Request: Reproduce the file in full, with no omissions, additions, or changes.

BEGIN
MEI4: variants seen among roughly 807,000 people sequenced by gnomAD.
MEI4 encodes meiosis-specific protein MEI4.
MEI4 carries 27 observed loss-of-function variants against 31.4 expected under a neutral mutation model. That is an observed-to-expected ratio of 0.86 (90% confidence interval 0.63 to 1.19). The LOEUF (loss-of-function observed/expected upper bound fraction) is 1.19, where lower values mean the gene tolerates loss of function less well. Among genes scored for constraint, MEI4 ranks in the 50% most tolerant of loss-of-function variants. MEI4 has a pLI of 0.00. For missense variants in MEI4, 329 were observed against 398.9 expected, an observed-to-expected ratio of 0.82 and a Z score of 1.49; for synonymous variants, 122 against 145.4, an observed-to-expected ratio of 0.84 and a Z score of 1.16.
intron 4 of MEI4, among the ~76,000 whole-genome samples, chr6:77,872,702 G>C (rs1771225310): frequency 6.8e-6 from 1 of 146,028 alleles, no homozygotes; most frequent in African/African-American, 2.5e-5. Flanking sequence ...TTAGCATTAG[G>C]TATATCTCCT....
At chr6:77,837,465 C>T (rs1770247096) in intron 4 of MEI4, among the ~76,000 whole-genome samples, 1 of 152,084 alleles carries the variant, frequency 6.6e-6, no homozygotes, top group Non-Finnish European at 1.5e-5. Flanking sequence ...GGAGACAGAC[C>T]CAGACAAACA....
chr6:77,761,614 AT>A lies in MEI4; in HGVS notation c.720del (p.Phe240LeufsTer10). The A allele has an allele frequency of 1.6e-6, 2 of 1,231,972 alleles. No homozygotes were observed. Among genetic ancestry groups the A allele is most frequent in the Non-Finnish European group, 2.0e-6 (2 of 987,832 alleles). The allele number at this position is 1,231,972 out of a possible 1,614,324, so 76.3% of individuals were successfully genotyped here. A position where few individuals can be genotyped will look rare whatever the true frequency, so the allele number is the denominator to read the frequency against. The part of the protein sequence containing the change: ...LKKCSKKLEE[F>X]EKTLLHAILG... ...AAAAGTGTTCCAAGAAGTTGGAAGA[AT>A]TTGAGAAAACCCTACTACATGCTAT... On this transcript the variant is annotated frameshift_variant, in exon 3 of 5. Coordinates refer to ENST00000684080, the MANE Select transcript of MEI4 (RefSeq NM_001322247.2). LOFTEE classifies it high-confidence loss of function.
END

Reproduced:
MEI4: variants seen among roughly 807,000 people sequenced by gnomAD.
MEI4 encodes meiosis-specific protein MEI4.
MEI4 carries 27 observed loss-of-function variants against 31.4 expected under a neutral mutation model. That is an observed-to-expected ratio of 0.86 (90% confidence interval 0.63 to 1.19). The LOEUF (loss-of-function observed/expected upper bound fraction) is 1.19, where lower values mean the gene tolerates loss of function less well. Among genes scored for constraint, MEI4 ranks in the 50% most tolerant of loss-of-function variants. MEI4 has a pLI of 0.00. For missense variants in MEI4, 329 were observed against 398.9 expected, an observed-to-expected ratio of 0.82 and a Z score of 1.49; for synonymous variants, 122 against 145.4, an observed-to-expected ratio of 0.84 and a Z score of 1.16.
intron 4 of MEI4, among the ~76,000 whole-genome samples, chr6:77,872,702 G>C (rs1771225310): frequency 6.8e-6 from 1 of 146,028 alleles, no homozygotes; most frequent in African/African-American, 2.5e-5. Flanking sequence ...TTAGCATTAG[G>C]TATATCTCCT....
At chr6:77,837,465 C>T (rs1770247096) in intron 4 of MEI4, among the ~76,000 whole-genome samples, 1 of 152,084 alleles carries the variant, frequency 6.6e-6, no homozygotes, top group Non-Finnish European at 1.5e-5. Flanking sequence ...GGAGACAGAC[C>T]CAGACAAACA....
chr6:77,761,614 AT>A lies in MEI4; in HGVS notation c.720del (p.Phe240LeufsTer10). The A allele has an allele frequency of 1.6e-6, 2 of 1,231,972 alleles. No homozygotes were observed. Among genetic ancestry groups the A allele is most frequent in the Non-Finnish European group, 2.0e-6 (2 of 987,832 alleles). The allele number at this position is 1,231,972 out of a possible 1,614,324, so 76.3% of individuals were successfully genotyped here. A position where few individuals can be genotyped will look rare whatever the true frequency, so the allele number is the denominator to read the frequency against. The part of the protein sequence containing the change: ...LKKCSKKLEE[F>X]EKTLLHAILG... ...AAAAGTGTTCCAAGAAGTTGGAAGA[AT>A]TTGAGAAAACCCTACTACATGCTAT... On this transcript the variant is annotated frameshift_variant, in exon 3 of 5. Coordinates refer to ENST00000684080, the MANE Select transcript of MEI4 (RefSeq NM_001322247.2). LOFTEE classifies it high-confidence loss of function.